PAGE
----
The Sun, which bucked the usual summer trend of a dip in August , saw its figure drop 1.57% month on month in September to 3,079,451 and a 2.53% drop year-on-year for the six month period April to September.
The newspaper has just appointed its second consecutive interim marketing director, Rob Planter and has just declared its support for the Conservative party, which may be reflected in the next ABCs.
The Daily Mirror saw a 1.4% fall to 1,306,394 month-on-month and a 9.37% drop for the six months, year-on-year. The Daily Star’s lower price failed to save it from a 2.62% fall to 863,559 month-on-month.
In the quality sector, The Independent, now looking a little more confident about its future after solving immediate financial problems, posted an average net circulation down 0.72% to 186,490 for September. The title is down 16.53% for the six months April to September, year-on-year. It now has a new commercial director at the helm in the form of Simon Davis.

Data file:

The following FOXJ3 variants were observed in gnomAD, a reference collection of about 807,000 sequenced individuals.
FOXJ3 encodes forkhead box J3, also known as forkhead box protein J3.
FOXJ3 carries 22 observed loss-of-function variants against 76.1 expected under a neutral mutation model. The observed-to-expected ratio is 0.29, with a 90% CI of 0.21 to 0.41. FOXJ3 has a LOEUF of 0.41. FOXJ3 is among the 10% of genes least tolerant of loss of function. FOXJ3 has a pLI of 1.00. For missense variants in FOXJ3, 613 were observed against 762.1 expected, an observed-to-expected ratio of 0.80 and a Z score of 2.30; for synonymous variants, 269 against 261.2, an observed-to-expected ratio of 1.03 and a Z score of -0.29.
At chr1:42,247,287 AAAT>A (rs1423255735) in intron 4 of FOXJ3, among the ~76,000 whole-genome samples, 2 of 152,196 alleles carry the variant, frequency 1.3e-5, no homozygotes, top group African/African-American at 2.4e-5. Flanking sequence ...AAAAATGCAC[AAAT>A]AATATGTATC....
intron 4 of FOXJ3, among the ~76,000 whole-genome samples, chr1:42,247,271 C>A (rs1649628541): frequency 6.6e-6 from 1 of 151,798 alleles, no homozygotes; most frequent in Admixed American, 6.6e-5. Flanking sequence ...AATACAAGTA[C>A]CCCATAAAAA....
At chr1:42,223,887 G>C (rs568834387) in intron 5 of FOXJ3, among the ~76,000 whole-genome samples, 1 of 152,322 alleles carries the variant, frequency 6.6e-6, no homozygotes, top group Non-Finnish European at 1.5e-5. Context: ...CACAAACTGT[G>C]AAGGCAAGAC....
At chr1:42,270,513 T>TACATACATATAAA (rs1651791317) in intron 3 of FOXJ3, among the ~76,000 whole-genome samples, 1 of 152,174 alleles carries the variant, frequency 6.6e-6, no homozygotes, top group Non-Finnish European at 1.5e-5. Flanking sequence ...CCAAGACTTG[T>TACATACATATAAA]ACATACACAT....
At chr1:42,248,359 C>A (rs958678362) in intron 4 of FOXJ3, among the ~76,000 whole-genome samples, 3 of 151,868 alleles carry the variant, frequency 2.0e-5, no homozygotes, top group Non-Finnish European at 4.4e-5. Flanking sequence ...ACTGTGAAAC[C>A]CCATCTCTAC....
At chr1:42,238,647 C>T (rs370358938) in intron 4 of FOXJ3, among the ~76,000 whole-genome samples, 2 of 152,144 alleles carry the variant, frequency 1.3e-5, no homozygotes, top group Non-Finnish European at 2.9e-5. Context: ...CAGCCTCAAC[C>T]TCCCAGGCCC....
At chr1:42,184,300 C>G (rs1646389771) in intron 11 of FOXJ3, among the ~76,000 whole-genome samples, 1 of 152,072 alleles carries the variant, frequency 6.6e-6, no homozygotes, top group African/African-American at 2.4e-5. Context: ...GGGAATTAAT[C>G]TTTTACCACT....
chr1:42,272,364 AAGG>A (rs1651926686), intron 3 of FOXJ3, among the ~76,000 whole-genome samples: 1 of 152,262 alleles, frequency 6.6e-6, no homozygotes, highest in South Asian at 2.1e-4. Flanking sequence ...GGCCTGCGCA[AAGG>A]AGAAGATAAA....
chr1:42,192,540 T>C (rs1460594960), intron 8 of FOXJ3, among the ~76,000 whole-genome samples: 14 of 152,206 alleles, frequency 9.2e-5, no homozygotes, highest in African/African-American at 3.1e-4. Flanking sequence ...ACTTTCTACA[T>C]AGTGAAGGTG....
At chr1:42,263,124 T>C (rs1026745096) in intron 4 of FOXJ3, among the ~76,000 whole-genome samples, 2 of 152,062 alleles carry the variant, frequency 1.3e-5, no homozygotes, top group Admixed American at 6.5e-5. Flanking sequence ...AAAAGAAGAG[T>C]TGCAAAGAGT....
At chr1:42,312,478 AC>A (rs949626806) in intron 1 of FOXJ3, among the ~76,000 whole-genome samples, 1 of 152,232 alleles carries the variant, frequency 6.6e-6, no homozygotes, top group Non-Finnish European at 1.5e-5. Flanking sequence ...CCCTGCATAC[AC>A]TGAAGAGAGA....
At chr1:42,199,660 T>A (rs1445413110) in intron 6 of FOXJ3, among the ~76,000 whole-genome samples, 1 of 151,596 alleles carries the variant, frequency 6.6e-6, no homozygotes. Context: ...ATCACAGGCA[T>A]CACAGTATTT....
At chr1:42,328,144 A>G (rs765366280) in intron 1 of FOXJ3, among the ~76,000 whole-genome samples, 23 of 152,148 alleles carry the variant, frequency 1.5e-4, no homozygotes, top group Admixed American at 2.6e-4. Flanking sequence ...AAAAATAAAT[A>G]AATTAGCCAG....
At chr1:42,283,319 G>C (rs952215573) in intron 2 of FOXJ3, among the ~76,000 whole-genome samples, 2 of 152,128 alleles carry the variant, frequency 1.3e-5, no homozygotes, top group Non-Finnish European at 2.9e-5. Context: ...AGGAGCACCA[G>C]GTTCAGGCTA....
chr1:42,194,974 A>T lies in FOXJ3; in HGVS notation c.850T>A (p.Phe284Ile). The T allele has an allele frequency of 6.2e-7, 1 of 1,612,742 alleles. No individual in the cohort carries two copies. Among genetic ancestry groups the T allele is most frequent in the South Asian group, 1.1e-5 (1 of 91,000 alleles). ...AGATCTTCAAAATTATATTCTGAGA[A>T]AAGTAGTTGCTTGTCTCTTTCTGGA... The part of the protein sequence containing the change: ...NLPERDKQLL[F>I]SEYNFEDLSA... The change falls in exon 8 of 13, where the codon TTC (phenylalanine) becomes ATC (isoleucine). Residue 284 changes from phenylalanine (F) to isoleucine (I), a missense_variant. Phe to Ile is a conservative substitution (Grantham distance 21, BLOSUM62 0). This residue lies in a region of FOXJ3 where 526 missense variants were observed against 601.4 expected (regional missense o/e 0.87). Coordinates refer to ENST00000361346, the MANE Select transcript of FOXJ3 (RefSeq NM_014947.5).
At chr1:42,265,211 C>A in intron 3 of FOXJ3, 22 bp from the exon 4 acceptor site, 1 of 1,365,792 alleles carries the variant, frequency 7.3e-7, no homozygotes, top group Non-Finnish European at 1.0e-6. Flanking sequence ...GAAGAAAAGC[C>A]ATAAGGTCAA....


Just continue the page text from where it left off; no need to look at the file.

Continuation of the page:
The Guardian did see a rise of 1.15% to 314,963 for September on August to 314,963 while rivals The Daily Telegraph and The Times dropped 1.51% to 801,782 and 0.81% to 571,506 respectively.
The Financial Times, which launched an outdoor campaign in the capital in mid-September to promote its editorial content, saw a rise of 3.21% to 408,544 for September but is down 6.56% for April to September, year-on-year. This may still reflect the stripping out of bulks by the publication over recent months.
The mid-market saw the Daily Mail, which has just appointed M&C Saatchi as its advertising agency, saw a drop of 0.54% to 2,159, 931 month-on-month and the Daily Express fell 2.49% to 712,023.
The Sunday quality newspapers actually did see an overall rise month-on-month of 2.31% with The Observer up a sizeable 6.59% to 385,617, The Sunday Times up 3.63% to 1,207,141 and the Sunday Telegraph up 0.04% to 599,380.
In the popular sector the News of the World rose 0.26% to 3,129,162 and the Sunday Mirror fell 1.26% to 1,221,676. The mid-market saw the Sunday Express tumble 4.3% and the Mail on Sunday fall 0.05% to 619,032 and 2,012,741 respectively.
The Evening Standard became a free title on October 12 but in September and now distributes 600,000 copies.